Check out our courses page for our latest offerings, join the SBI community, and become one of our success stories!

 

 

Which Program Management Course is Best for YOU?

A few months ago, the Sustaining Biological Infrastructure (SBI) Training Initiative released a brand-new training: Creating a Successful Business Plan.

This 2-day course is for people with a background in program management. Participants get to workshop a specific business plan with the opportunity for a follow-up consultation with their expert instructor. This course builds upon the skills gained through our signature three-day Strategies for Success course, which is focused on providing participants with program management skills, and workshops a pitch and strategic plan. These courses are designed for different experience levels, but without formal training it can be challenging to decide which training to start with.

The SBI team and our expert instructors developed a few short questions to help you better understand what each course offers, and what sort of background qualifies you as prepared to move on to the more advanced class. The easiest way to know you’re ready to move on to the Business Planning course, would be to first take our Strategies for Success course. Participants who sign up for both can access a special discount of their Business Planning course fee (email us to learn more) and can rest easy knowing they’ll be completely prepared for the more advanced class. But if you’re unable to take both courses or feel your skills are too advanced for Strategies for Success, check out these questions:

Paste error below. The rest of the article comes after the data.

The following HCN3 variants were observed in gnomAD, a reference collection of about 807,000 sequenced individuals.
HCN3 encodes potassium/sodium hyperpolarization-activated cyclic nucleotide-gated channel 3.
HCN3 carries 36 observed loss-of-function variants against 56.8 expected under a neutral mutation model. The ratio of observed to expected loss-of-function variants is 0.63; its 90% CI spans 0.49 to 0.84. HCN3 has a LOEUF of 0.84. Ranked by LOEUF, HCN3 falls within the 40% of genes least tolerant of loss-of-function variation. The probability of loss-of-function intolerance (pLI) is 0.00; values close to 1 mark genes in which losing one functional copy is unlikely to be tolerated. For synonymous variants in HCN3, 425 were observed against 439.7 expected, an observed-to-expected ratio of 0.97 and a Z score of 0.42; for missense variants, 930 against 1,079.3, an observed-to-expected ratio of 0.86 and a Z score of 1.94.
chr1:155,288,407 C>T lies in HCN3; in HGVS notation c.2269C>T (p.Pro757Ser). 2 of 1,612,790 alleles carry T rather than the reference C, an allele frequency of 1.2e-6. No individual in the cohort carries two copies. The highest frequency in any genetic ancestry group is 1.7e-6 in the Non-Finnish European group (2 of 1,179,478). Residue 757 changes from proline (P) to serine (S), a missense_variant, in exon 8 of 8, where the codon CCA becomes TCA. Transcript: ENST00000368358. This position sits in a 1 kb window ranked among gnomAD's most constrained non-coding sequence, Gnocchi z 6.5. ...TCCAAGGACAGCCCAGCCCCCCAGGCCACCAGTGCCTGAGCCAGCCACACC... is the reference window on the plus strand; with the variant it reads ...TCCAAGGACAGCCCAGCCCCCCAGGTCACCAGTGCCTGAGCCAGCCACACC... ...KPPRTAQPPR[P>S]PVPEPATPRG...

When thinking about these  yes or no questions, it helps to have a specific project or program goal in mind that you would be working on during the training:

  • Do you feel like you have a good grasp of your project’s finances, what resources you need to maximize your impact, and where and how best to acquire those resources?
  • Does your project have a compelling strategic plan that provides a sound basis for guiding new activities and supporting fund-raising?
  • Can you state your project’s vision, mission and value proposition from memory? Do you and others find them concise and powerful?
  • Does your plan incorporate ways to monitor, document, and communicate success?
  • Do you feel like you fully understand who your stakeholders and users are and what they need?

If you can confidently answer “yes” to all of these questions, you’re probably ready to go straight for Creating a Successful Business Plan. If you answer “no” or feel uncertain on three or more of the questions, take another good look at the ‘Strategies for Success’ course outline and see if you think the tools and skills mentioned seem beneficial to you.  Also look at the items in the “what you will learn and do” column and consider if they would help make your five year plan more effective.